I had to put down my old black lab, Flusher, this morning. I have known for months that our last hunting season was going to be the last for us. He was fourteen or so years old, which is pretty old for a lab and although we walk him a couple of miles or so every day he has been slowing down more and more.

Last year when coming out of the cattails with a duck you would have thought a train was coming through, his breathing was so loud. Still, he taught the new pup how to find a bird that went down in the thick brush, which might have taken her another year or two to figure out by herself.

My wife always worried that he would die in the swamp where we hunt, I always secretly wished he would so I could just bury him there where he spent the happiest hours of his life. Alas, it was not to be. This morning he could not even walk all the way back to his pen to eat breakfast after his walk and my wife called to tell me it was time.

I left work, came home to find him again ambulatory, threw the bumper for him a few more times. He would hustle to it in his awkward semi-rigid hobbling gate, winded after even the five yard tosses I made, stand over it for ten to twenty seconds then pick it up and slowly walk back to me with his last retrieves.

This once proud and commanding speciman of all that is good about a labrador was all done on this plane and I shall miss him. I have many wonderful memories though.

One year for Thanksgiving I went alone with him to the swamp where we sat and waited paitently for hours for a duck or two to come by. Nothing. Nada. Suddenly he stood up and looked behind me. A lone mallard had set its wings and was coming in. It was the only duck we saw all day, and without Flusher I would not have seen it until long too late.

Another year we were sitting quietly with my wife and a friend looking out in front of us to a beautiful empty blue sky. He started looking around, first one direction, then another, and acting very strange. At first we saw nothing, then a few specks here and another few there and suddenly the sky was full of thousands of ducks, two, maybe three or even four thousand ducks decending towards the large swamp that we were in. As they came lower and lower the sound of their feathers whistling in the wind became first a distant whisper then an almost tumultous vocal singing. The song would change, raising and falling in tempo and in sound depending on whether they were decending, turning, circling for one more look, or raising to look here and there over the swamp for that perfect landing place. Birds were landing all around us, and eventually on us. Swoosh, near silence, shish, sigh, swoosh, swoosh, sigh, splish as they finally settled into the water in a short skid to sitting from flying.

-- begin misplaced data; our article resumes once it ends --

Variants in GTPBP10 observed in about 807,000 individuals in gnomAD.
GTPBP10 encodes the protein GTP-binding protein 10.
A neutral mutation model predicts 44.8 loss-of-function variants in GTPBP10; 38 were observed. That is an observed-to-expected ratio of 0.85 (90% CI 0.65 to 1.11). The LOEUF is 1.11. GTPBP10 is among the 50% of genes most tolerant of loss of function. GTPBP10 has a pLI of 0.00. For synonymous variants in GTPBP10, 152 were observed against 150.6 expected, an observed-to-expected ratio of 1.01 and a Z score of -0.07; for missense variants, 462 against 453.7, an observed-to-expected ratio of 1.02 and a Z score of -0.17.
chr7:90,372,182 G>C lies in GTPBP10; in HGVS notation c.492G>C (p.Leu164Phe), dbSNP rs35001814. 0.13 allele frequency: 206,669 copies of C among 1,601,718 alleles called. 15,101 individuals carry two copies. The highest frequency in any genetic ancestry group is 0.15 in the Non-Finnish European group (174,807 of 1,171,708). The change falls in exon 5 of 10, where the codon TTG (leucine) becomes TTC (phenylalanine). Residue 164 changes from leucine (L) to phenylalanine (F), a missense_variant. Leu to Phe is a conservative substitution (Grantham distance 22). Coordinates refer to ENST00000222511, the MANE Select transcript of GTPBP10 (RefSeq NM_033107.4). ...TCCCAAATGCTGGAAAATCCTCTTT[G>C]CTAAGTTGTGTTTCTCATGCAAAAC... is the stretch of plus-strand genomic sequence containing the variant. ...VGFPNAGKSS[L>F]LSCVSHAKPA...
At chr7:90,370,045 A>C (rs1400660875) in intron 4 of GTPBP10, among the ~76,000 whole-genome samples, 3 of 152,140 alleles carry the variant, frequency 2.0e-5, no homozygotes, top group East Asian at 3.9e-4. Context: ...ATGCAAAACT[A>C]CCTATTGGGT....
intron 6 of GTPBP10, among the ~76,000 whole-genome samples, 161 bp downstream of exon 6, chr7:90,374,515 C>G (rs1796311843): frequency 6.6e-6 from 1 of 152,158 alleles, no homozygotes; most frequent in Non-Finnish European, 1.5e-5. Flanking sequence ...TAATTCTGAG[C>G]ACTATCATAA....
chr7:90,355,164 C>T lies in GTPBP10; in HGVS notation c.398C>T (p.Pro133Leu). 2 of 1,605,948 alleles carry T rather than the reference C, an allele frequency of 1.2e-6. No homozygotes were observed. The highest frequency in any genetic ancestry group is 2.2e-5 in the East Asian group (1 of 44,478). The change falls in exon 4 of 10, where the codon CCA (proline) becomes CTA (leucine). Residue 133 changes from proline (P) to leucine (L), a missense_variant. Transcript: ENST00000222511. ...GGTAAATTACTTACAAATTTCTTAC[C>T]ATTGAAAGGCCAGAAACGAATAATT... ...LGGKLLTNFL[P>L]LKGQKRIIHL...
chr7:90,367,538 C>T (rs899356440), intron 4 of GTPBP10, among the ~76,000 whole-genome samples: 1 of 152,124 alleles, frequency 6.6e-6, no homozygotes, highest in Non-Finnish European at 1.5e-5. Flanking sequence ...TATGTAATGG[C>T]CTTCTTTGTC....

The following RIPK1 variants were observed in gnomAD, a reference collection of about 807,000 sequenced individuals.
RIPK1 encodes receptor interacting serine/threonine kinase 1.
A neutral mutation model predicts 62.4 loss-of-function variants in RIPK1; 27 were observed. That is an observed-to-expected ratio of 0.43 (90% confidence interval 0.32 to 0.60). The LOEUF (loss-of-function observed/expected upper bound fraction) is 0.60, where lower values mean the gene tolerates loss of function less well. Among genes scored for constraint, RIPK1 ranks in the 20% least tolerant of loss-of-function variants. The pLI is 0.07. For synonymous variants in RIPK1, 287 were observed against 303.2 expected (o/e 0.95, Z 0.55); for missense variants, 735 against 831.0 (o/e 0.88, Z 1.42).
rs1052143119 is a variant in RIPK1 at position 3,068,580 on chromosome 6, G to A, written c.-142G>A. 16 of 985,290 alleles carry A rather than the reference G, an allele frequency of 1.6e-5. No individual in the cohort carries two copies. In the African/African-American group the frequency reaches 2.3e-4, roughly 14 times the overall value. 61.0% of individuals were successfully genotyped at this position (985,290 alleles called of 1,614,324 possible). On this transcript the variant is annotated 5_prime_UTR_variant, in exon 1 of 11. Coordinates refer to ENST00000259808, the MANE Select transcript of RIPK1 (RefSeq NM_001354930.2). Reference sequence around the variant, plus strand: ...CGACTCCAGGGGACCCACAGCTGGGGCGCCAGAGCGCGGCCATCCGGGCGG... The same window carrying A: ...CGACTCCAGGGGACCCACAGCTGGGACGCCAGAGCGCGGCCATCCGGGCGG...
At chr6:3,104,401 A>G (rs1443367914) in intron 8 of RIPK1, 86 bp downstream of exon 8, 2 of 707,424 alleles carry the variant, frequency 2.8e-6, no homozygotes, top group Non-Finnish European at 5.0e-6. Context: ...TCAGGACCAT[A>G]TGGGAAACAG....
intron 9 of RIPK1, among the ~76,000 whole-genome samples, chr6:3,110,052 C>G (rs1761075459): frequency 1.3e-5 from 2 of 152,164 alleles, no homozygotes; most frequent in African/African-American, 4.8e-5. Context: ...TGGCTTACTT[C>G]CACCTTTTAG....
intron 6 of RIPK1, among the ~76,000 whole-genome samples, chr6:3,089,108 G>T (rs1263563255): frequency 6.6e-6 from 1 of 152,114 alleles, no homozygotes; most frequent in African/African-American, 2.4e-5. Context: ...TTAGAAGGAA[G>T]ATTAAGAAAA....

When the birds took flight and dissapeared we sat and talked long after the retrieves were made about what an incredible experience it was to have seen so many birds all at one time and in one place. What an exciting moment, and what a treasure that I have this memory of my friend to warm my heart as I think of him now that he is gone...

Monday, April 10, 2006

Winkie don't do that!

Just got a phone call from Fedex.

Our client in (country name deleted) had us send him a new Vatche ring. Told Fedex that there should be no customs since it was a repair, not a new ring. Fedex called us to verify.

Dang Dude! I am not going to risk fines, bad publicity and possibly jail time to help you not pay your fair taxes.

Wish I could say it was the first time such a thing had happened, or that I thought it would be the last, but if I would lie to your government, why would you think I would not lie to you?

There are a lot of things Winkie don't do, helping anyone cheat the government of their city, state, or country are three of them.

Wink, who likes to sleep nights

Thursday, April 06, 2006

From Nice, to GLORIOUS!

I am going to share some before and after stone pictures with you today. Here is the beginning. I have been talking with a delightful gentleman for some time who wanted to give his fiance a nice yellow sapphire as that is what she has told him she wants for an engagement ring.

He sent me this fairly attractive yellow sapphire. As you can see, it has a nice yellow color, but the make is off. It has a big window in the center of the stone and you can see an inclusion fairly easily.

As you can see the stone is actually a little "lopsided, with the culet way to one side of the center of the stone where it belongs. It weight 5.95cts but much of the weight was "fat" in the bottom of the stone and actually detracting, not adding to the beauty of the stone.

Here is a view of the stone looking at the width of the stone. Here you can see that the table is not parallel to the girdle, and is at a fairly significant tilt. For weight retention purposes, you will see that Richard Homer, the genius who recut this nice stone and made it a true GEM did not do much, if anything to correct this minor error. He was able to use his knowledge of light and how it travels within a stone to create and balance the look this gem deserved without removing a significant portion of the top of the stone to do so.

I am going to show you the recut width view now so that you can more easily compare the two photos. I see that I photographed the original view from one end of the stone, and the recut view from the other. Oh well! You can still see the tilt to the table, but look at the improved color, even from the side of the stone.